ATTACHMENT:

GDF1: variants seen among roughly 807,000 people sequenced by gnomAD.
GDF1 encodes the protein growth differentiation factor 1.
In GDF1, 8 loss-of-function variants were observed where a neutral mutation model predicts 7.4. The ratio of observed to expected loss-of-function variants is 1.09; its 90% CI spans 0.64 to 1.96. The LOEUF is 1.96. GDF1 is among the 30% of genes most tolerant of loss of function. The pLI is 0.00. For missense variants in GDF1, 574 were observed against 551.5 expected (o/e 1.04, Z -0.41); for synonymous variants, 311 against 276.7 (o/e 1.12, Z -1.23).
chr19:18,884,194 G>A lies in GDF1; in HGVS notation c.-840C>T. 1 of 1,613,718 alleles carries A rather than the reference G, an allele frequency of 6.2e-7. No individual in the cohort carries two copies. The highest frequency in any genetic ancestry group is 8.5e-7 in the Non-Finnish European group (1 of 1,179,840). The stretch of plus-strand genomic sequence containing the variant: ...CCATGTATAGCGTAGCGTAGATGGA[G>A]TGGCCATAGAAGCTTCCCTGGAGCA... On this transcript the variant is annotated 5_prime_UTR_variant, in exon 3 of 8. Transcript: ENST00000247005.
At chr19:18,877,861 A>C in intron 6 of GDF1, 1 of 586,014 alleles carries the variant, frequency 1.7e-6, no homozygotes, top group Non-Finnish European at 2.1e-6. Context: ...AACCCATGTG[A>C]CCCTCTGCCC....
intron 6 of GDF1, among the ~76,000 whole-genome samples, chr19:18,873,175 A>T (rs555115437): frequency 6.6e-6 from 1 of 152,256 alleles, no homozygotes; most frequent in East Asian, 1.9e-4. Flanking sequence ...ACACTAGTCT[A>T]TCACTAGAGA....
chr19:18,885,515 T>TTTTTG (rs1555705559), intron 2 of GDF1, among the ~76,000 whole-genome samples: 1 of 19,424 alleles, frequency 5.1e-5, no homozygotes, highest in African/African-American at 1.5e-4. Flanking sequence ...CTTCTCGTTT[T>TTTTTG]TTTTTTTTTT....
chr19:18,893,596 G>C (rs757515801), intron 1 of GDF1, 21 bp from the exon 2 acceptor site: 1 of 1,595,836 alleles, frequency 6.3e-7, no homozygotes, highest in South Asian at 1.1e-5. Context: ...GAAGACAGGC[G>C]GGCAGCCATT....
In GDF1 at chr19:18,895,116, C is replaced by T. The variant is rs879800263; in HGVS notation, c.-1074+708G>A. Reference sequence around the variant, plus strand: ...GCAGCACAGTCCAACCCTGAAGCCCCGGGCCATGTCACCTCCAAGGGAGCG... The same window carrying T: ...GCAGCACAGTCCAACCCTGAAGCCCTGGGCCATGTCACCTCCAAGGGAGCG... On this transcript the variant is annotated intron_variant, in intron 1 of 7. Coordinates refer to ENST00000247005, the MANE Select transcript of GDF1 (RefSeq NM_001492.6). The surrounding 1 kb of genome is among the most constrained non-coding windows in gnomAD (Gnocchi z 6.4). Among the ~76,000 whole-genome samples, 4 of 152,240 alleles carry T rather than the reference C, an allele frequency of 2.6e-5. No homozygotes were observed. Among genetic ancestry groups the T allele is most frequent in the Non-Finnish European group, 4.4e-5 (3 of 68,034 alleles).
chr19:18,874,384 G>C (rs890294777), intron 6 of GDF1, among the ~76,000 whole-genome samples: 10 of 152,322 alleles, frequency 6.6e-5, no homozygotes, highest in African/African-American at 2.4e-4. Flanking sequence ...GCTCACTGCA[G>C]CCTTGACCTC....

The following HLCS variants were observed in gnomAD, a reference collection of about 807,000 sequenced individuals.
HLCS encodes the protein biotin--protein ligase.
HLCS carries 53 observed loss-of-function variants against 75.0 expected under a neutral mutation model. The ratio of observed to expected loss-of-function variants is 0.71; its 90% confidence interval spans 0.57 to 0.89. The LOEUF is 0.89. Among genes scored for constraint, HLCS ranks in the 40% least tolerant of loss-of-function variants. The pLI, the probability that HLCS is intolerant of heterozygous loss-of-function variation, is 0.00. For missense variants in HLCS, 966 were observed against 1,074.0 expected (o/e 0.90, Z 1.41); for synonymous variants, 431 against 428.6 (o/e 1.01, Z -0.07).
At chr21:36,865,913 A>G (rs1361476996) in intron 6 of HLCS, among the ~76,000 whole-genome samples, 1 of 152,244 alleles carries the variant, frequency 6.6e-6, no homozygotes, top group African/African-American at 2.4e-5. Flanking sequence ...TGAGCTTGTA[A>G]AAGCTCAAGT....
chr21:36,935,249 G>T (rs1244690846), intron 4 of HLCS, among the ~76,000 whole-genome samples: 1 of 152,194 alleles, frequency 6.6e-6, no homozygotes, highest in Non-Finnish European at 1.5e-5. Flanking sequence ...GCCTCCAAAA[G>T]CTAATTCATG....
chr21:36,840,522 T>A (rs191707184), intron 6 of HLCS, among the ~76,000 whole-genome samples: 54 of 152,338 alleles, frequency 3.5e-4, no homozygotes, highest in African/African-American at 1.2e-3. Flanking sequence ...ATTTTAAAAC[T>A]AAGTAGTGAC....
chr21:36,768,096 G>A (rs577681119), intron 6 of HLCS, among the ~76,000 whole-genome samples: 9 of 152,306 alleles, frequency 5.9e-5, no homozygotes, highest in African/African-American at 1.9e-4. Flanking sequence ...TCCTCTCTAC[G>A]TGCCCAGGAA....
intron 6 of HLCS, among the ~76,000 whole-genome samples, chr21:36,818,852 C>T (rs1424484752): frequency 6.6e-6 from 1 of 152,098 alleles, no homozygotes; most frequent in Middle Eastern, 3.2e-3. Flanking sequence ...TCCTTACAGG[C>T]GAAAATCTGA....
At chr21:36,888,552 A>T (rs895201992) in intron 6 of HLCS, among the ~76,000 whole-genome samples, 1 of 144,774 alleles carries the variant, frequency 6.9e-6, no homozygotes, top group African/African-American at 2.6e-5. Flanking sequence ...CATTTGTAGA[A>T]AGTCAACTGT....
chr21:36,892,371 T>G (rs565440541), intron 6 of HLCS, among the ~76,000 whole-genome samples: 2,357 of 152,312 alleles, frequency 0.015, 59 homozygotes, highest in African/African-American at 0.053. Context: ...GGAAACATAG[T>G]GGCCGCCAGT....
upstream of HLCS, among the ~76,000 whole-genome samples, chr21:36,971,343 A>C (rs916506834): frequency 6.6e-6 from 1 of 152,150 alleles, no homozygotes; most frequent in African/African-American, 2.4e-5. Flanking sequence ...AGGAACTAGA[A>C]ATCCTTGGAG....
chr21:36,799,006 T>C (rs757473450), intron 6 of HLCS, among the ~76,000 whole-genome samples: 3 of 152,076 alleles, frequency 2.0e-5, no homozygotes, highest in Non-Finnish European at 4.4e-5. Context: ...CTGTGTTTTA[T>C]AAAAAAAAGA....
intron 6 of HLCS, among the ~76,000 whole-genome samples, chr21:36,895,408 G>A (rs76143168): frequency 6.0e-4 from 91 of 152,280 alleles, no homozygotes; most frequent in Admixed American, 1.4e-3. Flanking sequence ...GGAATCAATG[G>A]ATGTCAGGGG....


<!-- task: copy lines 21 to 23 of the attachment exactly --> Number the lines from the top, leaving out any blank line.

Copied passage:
upstream of HLCS, among the ~76,000 whole-genome samples, chr21:36,971,343 A>C (rs916506834): frequency 6.6e-6 from 1 of 152,150 alleles, no homozygotes; most frequent in African/African-American, 2.4e-5. Flanking sequence ...AGGAACTAGA[A>C]ATCCTTGGAG....
chr21:36,799,006 T>C (rs757473450), intron 6 of HLCS, among the ~76,000 whole-genome samples: 3 of 152,076 alleles, frequency 2.0e-5, no homozygotes, highest in Non-Finnish European at 4.4e-5. Context: ...CTGTGTTTTA[T>C]AAAAAAAAGA....
intron 6 of HLCS, among the ~76,000 whole-genome samples, chr21:36,895,408 G>A (rs76143168): frequency 6.0e-4 from 91 of 152,280 alleles, no homozygotes; most frequent in Admixed American, 1.4e-3. Flanking sequence ...GGAATCAATG[G>A]ATGTCAGGGG....